A simple blood test to diagnose the onset of Alzheimer's disease could be one step closer, according to new research from Cardiff University.
The study, funded by the Alzheimer's Society, involved experts from Cardiff University, King's College London and the University of Oxford.
Researchers observed blood from nearly 300 people who had displayed the earliest signs of memory impairment. They analysed a large number of proteins in the immune system that are known to drive inflammation and have been linked to brain diseases. The team found a set of biomarkers within these proteins that could predict whether or not a person would develop Alzheimer's disease.
Participants were assessed a year after the blood samples were collected and one in four had Alzheimer's disease. The researchers found that three of the proteins measured in their blood showed significant differences from the samples of the people who did not develop the disease.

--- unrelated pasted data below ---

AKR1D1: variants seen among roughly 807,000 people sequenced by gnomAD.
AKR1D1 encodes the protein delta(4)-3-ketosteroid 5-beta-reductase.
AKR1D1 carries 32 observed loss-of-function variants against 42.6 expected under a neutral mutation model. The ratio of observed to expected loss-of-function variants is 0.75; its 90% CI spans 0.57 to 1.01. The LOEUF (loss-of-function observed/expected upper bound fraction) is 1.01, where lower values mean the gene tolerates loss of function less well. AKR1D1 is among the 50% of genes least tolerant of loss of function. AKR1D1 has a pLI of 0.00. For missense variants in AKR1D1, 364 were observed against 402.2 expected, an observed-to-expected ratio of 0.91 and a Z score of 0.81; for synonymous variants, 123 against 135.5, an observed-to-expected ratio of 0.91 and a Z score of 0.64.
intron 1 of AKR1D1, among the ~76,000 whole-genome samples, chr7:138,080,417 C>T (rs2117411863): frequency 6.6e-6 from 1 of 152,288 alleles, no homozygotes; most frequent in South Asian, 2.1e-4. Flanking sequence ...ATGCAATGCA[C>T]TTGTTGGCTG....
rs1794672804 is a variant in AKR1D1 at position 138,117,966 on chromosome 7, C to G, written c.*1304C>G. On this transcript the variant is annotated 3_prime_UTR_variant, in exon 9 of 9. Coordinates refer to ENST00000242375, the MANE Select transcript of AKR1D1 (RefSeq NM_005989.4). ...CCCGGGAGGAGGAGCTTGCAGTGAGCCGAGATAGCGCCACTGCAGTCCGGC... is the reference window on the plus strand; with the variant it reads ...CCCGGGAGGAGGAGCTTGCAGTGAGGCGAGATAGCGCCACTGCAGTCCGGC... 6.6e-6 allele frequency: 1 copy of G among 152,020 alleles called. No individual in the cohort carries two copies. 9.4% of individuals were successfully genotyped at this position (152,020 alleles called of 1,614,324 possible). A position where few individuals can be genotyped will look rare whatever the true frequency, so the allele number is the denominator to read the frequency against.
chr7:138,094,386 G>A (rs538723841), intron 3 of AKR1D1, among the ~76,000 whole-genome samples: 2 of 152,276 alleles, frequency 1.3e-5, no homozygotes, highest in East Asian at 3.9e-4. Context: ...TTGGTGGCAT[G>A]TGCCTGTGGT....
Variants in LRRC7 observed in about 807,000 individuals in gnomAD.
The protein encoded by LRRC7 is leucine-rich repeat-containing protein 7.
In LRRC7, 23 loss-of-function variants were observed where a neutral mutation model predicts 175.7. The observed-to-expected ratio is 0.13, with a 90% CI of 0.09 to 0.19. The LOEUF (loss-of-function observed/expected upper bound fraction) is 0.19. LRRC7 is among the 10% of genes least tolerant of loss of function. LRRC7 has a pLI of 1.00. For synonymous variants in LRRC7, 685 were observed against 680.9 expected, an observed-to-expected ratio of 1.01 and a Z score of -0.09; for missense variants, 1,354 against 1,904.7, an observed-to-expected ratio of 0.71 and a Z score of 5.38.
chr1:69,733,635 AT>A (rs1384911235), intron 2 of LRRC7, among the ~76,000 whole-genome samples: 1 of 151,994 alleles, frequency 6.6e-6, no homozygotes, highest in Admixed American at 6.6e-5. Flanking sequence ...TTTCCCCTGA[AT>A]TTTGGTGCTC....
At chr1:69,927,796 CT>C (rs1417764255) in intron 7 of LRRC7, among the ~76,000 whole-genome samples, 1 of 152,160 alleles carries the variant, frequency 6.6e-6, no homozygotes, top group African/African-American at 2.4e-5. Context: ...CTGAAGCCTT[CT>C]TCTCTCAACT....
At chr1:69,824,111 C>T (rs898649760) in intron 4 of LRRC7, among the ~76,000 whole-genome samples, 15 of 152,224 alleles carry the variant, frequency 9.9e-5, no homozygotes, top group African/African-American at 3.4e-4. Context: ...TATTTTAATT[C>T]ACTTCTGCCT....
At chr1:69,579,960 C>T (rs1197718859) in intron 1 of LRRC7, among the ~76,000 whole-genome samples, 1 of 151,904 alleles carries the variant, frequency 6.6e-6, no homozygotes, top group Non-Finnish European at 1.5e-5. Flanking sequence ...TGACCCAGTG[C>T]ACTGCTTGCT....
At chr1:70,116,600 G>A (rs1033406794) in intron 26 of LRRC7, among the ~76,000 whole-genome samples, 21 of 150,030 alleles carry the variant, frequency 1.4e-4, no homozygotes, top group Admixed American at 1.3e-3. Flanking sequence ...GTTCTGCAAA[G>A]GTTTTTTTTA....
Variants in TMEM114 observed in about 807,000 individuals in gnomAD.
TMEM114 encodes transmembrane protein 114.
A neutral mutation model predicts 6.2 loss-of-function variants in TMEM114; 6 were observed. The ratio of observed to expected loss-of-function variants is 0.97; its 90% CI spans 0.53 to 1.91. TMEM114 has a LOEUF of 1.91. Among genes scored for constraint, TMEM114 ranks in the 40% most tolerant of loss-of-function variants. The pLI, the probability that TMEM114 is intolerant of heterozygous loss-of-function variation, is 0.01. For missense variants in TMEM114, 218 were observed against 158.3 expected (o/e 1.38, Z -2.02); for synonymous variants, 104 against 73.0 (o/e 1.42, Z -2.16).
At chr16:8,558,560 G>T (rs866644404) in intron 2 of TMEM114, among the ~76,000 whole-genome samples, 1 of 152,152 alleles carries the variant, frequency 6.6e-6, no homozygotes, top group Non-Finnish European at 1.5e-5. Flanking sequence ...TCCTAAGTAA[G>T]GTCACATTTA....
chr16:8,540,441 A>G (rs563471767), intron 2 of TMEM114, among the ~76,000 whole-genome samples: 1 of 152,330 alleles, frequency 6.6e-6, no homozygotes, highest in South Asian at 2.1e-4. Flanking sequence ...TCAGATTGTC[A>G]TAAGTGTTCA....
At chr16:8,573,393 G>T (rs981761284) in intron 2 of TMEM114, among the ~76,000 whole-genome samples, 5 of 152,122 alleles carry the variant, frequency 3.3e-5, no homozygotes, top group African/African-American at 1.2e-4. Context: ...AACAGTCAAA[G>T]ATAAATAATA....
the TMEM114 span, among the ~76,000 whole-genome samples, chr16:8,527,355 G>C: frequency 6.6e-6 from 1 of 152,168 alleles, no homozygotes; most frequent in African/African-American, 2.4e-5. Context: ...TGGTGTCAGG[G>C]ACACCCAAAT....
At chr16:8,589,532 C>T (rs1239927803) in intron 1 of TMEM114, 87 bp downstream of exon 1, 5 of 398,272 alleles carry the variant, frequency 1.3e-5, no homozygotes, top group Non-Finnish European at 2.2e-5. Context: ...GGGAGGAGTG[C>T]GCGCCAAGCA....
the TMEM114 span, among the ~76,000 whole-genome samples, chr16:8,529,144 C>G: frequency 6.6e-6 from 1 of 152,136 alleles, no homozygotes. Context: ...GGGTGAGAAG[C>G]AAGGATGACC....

Professor Paul Morgan, director of Cardiff University's Systems Immunity Research Institute, said the research proves it's possible to predict whether or not an individual with mild memory problems is likely to develop Alzheimer's disease over the next few years.
"We hope to build on this in order to develop a simple blood test that can predict the likelihood of developing Alzheimer's disease in older people with mild, and possibly innocent, memory impairment," he added.
These new findings are exciting and have led to more research being carried out by the Wellcome Trust and several UK Universities to try and replicate these outcomes and potentially develop a blood test.
As Alzheimer's disease affects around 520,000 people in the UK, it's important that new ways are identified to diagnose the disease early, Professor Morgan explained, as this gives people the chance to receive treatment before irreversible damage is done.